Just over a year after Montreal was named the host city of the world’s largest gathering of AIDS researchers, scientists and physicians, hundreds of Africa’s best minds on the infectious immunodeficiency syndrome won’t be there as Canada’s visa backlog continues unabated.
And with the 24th International AIDS Conference just weeks away, McGill University researcher and local co-chair Dr. Jean-Pierre Routy said the attendance of as many as 400 invited African delegates remains in doubt as they wait for officials to process their visa applications.
“Two weeks ago we started to receive complaints that some have not yet received their visas,” Routy told the National Post.
About 15 per cent of the biennial conference’s budget goes towards flying in delegates from developing countries, Routy said — with this year’s conference funding airfare and lodging for 1,603 attendees.
Last May, the International AIDS Society chose Montreal to host this year’s conference — the first in-person event since 2019 as the COVID-19 pandemic forced the event online in previous years.
“COVID overshadowed HIV treatment research, occupying many researchers, clinicians and physicians,” Routy said.
This year’s conference, he explained, will cover topics of both clinical and social concern — including sex workers, transgender patients, treatment during armed conflicts and government policy discussions.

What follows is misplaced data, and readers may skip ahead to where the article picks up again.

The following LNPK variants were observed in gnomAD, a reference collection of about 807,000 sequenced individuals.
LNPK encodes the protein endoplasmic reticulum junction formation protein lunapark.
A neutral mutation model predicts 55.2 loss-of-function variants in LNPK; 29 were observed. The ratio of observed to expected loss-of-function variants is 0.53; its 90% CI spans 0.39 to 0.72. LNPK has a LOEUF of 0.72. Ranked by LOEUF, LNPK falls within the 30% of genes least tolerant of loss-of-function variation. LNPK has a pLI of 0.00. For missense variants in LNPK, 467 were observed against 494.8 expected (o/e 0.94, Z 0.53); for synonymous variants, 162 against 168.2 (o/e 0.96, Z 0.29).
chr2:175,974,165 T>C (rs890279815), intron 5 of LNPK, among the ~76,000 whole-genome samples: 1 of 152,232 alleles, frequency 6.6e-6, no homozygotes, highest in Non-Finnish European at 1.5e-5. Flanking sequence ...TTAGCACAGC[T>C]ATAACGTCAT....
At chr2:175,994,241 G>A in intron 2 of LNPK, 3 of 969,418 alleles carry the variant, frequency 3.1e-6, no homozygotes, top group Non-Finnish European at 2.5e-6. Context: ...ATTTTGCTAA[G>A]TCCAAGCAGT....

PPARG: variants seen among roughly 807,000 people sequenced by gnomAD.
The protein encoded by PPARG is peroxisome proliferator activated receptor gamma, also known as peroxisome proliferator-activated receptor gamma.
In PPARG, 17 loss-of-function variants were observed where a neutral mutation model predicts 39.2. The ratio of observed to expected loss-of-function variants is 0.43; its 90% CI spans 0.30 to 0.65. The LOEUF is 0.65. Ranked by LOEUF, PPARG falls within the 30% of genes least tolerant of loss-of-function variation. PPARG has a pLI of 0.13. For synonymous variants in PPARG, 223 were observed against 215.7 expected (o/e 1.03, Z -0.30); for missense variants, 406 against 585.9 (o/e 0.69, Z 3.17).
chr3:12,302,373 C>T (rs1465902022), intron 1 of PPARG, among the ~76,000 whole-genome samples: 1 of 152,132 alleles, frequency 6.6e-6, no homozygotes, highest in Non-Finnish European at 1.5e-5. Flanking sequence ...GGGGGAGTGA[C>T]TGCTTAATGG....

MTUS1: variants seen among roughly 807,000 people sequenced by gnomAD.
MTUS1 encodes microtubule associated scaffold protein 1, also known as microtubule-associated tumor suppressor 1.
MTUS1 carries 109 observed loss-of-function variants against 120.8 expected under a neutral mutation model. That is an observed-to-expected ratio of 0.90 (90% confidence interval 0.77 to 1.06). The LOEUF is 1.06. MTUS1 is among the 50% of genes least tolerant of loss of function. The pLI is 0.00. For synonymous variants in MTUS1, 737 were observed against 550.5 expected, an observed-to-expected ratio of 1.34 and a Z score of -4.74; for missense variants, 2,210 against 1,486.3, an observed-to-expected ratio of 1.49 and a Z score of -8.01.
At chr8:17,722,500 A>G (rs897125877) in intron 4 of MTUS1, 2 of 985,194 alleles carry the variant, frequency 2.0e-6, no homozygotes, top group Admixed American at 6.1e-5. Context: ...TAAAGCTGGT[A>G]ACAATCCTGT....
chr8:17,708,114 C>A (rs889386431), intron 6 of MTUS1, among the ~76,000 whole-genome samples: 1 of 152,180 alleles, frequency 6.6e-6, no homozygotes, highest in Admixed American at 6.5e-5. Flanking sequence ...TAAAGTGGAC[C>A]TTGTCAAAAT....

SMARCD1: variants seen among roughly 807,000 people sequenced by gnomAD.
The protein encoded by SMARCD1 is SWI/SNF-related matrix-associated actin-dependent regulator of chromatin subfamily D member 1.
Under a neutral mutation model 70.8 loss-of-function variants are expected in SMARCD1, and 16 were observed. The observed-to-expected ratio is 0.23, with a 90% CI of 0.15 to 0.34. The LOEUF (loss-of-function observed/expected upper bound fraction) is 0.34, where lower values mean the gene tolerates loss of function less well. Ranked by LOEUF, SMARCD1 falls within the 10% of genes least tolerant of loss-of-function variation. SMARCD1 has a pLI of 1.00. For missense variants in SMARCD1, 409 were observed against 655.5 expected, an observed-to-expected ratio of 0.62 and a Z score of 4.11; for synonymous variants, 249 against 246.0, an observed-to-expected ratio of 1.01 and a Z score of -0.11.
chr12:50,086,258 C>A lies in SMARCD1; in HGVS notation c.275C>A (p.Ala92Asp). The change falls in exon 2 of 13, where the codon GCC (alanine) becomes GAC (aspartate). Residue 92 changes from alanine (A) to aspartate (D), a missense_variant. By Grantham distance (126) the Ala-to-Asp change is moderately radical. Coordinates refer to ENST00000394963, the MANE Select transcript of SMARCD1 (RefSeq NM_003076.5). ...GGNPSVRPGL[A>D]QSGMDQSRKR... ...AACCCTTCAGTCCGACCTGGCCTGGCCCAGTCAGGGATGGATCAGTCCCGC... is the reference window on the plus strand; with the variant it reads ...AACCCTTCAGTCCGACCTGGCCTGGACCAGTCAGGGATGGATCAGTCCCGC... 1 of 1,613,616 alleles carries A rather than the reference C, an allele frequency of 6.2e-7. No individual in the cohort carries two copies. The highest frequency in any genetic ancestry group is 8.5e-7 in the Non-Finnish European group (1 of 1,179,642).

Unifying under the motto “Re-engage and follow the science,” organizers plan to rally the troops after two years of the pandemic consuming much of the research community’s bandwidth, particularly since much of the work and breakthroughs behind developing COVID-19 vaccines and treatment could potentially find use in HIV research.
“That’s why this meeting is so important,” Routy said.
Government inaction on visas is further complicated by the $3 million in federal government dollars already spent to host the event, Routy said — alongside money from Quebec’s provincial government and the city of Montreal.
Much like the Olympic Games, countries competitively bid against each other for the opportunity to host the biennial conference, Routy said.
“We hope that the federal government will at least forward 100, 200, maybe 300 delegates and put a rush on their visas,” he said.
Canada has hosted the conference three times since its 1985 inception, most recently in 2006 in Toronto.
Delays within Canada’s immigration bureaucracy are leaving millions of visa applicants to endure months-long waits for normally routine approvals.
On Monday, the National Post reported numerous African and South Asian delegates were unable to attend this week’s Collision technology conference in Toronto, leaving many to forfeit thousands of dollars in cancelled plane tickets and hotel rooms.
Sky Sports Formula One broadcast analyst Karun Chandhok waited six months for IRCC to approve his visa, forcing him to miss last weekend’s Canadian Grand Prix in Montreal.
As well, dozens of elite runners from Africa were likewise left out of this year’s Ottawa Marathon after their visa applications inexplicably stalled.
Invitations to Immigration Minister Sean Fraser by the National Post for comment went unacknowledged.
On Monday, Immigration, Refugees and Citizenship Canada (IRCC) revealed they’re currently processing 1,471,173 temporary residence applications — with over half of those visitor visas.
Between January and April, IRCC claims they received 1,441,594 temporary residence (visitor) visa applications — compared to just 1,056,639 over the same time period in 2019.